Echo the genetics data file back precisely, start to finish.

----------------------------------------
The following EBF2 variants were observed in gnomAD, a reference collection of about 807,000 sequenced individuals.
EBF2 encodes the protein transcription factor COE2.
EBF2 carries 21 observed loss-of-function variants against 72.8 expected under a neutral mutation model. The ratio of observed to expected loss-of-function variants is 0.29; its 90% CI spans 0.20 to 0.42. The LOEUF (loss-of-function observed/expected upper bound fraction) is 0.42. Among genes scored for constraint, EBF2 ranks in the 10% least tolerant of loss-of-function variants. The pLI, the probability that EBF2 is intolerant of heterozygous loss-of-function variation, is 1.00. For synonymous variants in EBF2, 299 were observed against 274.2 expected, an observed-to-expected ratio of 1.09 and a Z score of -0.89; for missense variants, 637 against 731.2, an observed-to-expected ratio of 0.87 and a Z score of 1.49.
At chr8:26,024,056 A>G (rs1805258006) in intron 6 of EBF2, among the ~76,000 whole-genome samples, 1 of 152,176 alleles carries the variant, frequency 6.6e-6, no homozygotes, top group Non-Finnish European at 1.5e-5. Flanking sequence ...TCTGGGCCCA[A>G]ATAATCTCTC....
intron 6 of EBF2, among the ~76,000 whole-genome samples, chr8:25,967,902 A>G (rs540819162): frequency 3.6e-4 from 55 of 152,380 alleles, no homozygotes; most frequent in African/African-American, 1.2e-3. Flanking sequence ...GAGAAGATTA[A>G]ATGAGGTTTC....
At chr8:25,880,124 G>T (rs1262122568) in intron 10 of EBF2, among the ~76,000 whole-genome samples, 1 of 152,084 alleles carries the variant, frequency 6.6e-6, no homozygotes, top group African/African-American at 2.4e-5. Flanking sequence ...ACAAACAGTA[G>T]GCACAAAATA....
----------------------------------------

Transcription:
The following EBF2 variants were observed in gnomAD, a reference collection of about 807,000 sequenced individuals.
EBF2 encodes the protein transcription factor COE2.
EBF2 carries 21 observed loss-of-function variants against 72.8 expected under a neutral mutation model. The ratio of observed to expected loss-of-function variants is 0.29; its 90% CI spans 0.20 to 0.42. The LOEUF (loss-of-function observed/expected upper bound fraction) is 0.42. Among genes scored for constraint, EBF2 ranks in the 10% least tolerant of loss-of-function variants. The pLI, the probability that EBF2 is intolerant of heterozygous loss-of-function variation, is 1.00. For synonymous variants in EBF2, 299 were observed against 274.2 expected, an observed-to-expected ratio of 1.09 and a Z score of -0.89; for missense variants, 637 against 731.2, an observed-to-expected ratio of 0.87 and a Z score of 1.49.
At chr8:26,024,056 A>G (rs1805258006) in intron 6 of EBF2, among the ~76,000 whole-genome samples, 1 of 152,176 alleles carries the variant, frequency 6.6e-6, no homozygotes, top group Non-Finnish European at 1.5e-5. Flanking sequence ...TCTGGGCCCA[A>G]ATAATCTCTC....
intron 6 of EBF2, among the ~76,000 whole-genome samples, chr8:25,967,902 A>G (rs540819162): frequency 3.6e-4 from 55 of 152,380 alleles, no homozygotes; most frequent in African/African-American, 1.2e-3. Flanking sequence ...GAGAAGATTA[A>G]ATGAGGTTTC....
At chr8:25,880,124 G>T (rs1262122568) in intron 10 of EBF2, among the ~76,000 whole-genome samples, 1 of 152,084 alleles carries the variant, frequency 6.6e-6, no homozygotes, top group African/African-American at 2.4e-5. Flanking sequence ...ACAAACAGTA[G>T]GCACAAAATA....